Ah, but that's it exactly; they're not really offensively hostile to the UFP (as is highlighted by the comments that none of the nations involved really have a taste for war); they're more defensively hostile - your highlighted point about "countering" it is right on the money, I think, and actually argues against the position you're advancing. Good relations with the Federation isn't necessarily at odds with the Pact's purpose at all, because the "war" the Pact members are fighting against the UFP is based on their defensiveness, not a pure aggression. The Pact members see the Federation as something expansionist, encroaching on them economically, ideologically. Their conflict is more with Federation expansion than the Federation itself. They want to constrain the Federation and serve as a bulwark against its continuing rapid expansion both literally and more to the point ideologically. From the viewpoint of most of the Pact members, the UFP is the one which is "aggressing"; even the Romulans call it "imperialistic" (with great hypocrisy of course, but that in itself shows the strength of their perception that the Federation is out to subvert their nation and assimilate their culture). The Pact doesn't want to conquer - it wants to "defend" itself against what it sees (largely incorrectly of course) as a continuing ideological "attack" by the massive, ever-expanding UFP.

(And keep in mind Kamemor-as-Praetor was set up by the Tzenkethi precisely to reign in the Romulan's potential war-hunger and keep them in line with the rest of the Pact's "no taste for war" policy). The pact is after stability for their nations - and they see the Federation as the one big subversive threat to that. They want to keep the UFP in check, without weakening themselves, because that would defeat the purpose. War would sap them just as much as subversive Federation influence would sap them. The only exception is the Kinshaya, because they've probably forgotten how NOT to be at war...

I mean, if we go through the members:

The Tzenkethi are morally opposed to democracy; they believe it's a form of government that's inherently destructive to a society, that democracy will result in degeneration and falling standards for any society that adopts it. But first, it enables the infected society to serve as a transmitter to spread that ideology further. Basically, democracy is their communism - they relate to it more or less as the West related to communist ideologies. Subversive, infective, and ultimately - inevitably - disasterous. And the massive expansion of the United Federation of Planets is somewhat comparable in the Tzenkethi view to how the west viewed the Soviet Union's expansion. I'm not saying it's a great analogy, but I think it makes the point. That's why the Tzenkethi insist the Federation is the "aggressor", why the UFP trying to normalize relations and open trade was seen as an attack.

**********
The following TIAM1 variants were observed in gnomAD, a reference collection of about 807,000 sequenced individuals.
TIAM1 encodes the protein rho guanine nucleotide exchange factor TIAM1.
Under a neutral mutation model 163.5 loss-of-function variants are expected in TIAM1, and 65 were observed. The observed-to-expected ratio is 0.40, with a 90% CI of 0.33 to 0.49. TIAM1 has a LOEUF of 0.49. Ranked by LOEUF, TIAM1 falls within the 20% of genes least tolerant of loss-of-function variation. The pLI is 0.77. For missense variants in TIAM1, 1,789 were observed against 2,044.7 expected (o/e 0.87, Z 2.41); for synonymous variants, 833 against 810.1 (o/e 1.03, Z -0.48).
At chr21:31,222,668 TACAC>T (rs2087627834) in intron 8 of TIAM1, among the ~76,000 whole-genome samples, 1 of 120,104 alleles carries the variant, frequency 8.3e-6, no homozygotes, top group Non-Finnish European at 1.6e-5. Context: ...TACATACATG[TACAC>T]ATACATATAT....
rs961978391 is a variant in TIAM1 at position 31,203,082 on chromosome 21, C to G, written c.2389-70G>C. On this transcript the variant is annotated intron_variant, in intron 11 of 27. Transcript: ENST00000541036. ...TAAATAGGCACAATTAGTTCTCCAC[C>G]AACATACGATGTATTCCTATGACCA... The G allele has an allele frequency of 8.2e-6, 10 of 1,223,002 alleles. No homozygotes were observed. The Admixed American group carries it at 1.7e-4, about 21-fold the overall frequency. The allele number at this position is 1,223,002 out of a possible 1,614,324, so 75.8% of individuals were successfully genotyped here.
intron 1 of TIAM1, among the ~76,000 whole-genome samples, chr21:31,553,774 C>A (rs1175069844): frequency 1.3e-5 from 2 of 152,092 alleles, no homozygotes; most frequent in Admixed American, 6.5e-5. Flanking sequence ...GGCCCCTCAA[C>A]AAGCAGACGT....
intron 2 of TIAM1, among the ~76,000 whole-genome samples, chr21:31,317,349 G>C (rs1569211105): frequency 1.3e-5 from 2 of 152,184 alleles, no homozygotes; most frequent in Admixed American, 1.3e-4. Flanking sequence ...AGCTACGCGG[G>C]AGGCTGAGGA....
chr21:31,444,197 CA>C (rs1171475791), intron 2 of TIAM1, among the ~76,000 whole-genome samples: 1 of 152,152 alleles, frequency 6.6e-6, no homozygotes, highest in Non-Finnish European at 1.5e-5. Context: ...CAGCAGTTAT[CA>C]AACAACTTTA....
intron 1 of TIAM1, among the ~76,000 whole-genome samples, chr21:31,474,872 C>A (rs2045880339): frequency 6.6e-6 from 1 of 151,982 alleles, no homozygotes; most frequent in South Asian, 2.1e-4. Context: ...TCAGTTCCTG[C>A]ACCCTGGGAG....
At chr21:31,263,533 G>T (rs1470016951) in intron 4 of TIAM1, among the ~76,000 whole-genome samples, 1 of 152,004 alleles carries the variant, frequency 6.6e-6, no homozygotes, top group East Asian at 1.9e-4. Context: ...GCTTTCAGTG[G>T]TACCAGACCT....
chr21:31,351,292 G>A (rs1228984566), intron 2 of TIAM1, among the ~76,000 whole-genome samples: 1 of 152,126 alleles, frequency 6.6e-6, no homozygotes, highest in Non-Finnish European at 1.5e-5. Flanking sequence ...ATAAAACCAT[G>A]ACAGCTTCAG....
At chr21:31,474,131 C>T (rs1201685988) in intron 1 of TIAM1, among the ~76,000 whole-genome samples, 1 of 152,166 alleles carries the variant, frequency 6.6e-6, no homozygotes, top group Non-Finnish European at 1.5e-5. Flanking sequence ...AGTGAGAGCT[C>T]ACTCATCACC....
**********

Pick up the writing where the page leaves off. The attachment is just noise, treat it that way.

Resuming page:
The Gorn seem to have a mostly defensive stance regarding the Federation, too. They always seem more wary than truly hostile - indeed, they've had productive relations in the past and they don't seem to have any real conflict with the UFP (other than the "eeek, mammals!" response ). But they don't want to get too close - and get funny if the UFP tries to get closer - because they fear becoming puppets. Ambassador Zogozin's comments to his Klingon counterpart in Destiny are telling - "why does Qo'noS still send an ambassador here - didn't the Federation annex your empire?" As far as the Gorn are concerned, the Klingon Empire is ruled from Earth; they fear the same happening to them. And we know the Gorn are territorial; I think it's safe to say they hate not the Federation but the idea that the Federation might "expand", either with starships or with ideas, into their worlds.

The Breen no doubt find the Federation way greatly disturbing - all those people going around flaunting their uniqueness, everything out in the open, bright lights, nowhere to hide; and we know now that they have dissidant movements already "infected" with such ideas. The process of subversion has begun! The Federation seeks to weaken the Confederacy from within!!

I doubt the Kinshaya are happy about anything that offers stability and strength to the Klingons, which the UFP certainly does. The empire would have collapsed after Praxis if it weren't for the Federation helping them.